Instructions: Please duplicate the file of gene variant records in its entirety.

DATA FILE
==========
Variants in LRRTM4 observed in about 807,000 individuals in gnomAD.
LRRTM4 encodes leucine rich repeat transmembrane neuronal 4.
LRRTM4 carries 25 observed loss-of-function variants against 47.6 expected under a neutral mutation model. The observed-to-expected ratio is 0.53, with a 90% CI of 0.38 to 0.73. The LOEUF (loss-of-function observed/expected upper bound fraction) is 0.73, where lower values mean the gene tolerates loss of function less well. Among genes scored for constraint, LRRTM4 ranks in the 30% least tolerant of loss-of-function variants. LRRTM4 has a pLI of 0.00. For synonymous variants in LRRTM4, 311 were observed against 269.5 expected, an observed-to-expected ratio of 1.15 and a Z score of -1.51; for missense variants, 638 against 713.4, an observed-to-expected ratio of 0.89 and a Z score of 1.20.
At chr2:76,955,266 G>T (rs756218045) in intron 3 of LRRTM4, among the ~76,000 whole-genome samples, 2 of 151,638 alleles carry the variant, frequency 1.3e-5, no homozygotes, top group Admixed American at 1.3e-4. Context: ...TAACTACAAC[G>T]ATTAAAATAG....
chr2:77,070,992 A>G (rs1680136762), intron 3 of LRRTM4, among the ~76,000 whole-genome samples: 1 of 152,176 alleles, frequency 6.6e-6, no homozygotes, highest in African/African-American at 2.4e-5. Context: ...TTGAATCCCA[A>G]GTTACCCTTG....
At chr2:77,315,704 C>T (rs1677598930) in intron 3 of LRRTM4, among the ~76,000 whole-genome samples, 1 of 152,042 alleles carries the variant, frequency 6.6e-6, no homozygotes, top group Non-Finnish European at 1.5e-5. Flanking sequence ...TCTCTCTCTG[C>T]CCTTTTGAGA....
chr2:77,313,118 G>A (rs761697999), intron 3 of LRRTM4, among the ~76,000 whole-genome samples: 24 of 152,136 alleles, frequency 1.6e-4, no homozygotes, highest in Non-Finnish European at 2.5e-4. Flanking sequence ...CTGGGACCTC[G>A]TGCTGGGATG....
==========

Variants in LRRTM4 observed in about 807,000 individuals in gnomAD.
LRRTM4 encodes leucine rich repeat transmembrane neuronal 4.
LRRTM4 carries 25 observed loss-of-function variants against 47.6 expected under a neutral mutation model. The observed-to-expected ratio is 0.53, with a 90% CI of 0.38 to 0.73. The LOEUF (loss-of-function observed/expected upper bound fraction) is 0.73, where lower values mean the gene tolerates loss of function less well. Among genes scored for constraint, LRRTM4 ranks in the 30% least tolerant of loss-of-function variants. LRRTM4 has a pLI of 0.00. For synonymous variants in LRRTM4, 311 were observed against 269.5 expected, an observed-to-expected ratio of 1.15 and a Z score of -1.51; for missense variants, 638 against 713.4, an observed-to-expected ratio of 0.89 and a Z score of 1.20.
At chr2:76,955,266 G>T (rs756218045) in intron 3 of LRRTM4, among the ~76,000 whole-genome samples, 2 of 151,638 alleles carry the variant, frequency 1.3e-5, no homozygotes, top group Admixed American at 1.3e-4. Context: ...TAACTACAAC[G>T]ATTAAAATAG....
chr2:77,070,992 A>G (rs1680136762), intron 3 of LRRTM4, among the ~76,000 whole-genome samples: 1 of 152,176 alleles, frequency 6.6e-6, no homozygotes, highest in African/African-American at 2.4e-5. Context: ...TTGAATCCCA[A>G]GTTACCCTTG....
At chr2:77,315,704 C>T (rs1677598930) in intron 3 of LRRTM4, among the ~76,000 whole-genome samples, 1 of 152,042 alleles carries the variant, frequency 6.6e-6, no homozygotes, top group Non-Finnish European at 1.5e-5. Flanking sequence ...TCTCTCTCTG[C>T]CCTTTTGAGA....
chr2:77,313,118 G>A (rs761697999), intron 3 of LRRTM4, among the ~76,000 whole-genome samples: 24 of 152,136 alleles, frequency 1.6e-4, no homozygotes, highest in Non-Finnish European at 2.5e-4. Flanking sequence ...CTGGGACCTC[G>A]TGCTGGGATG....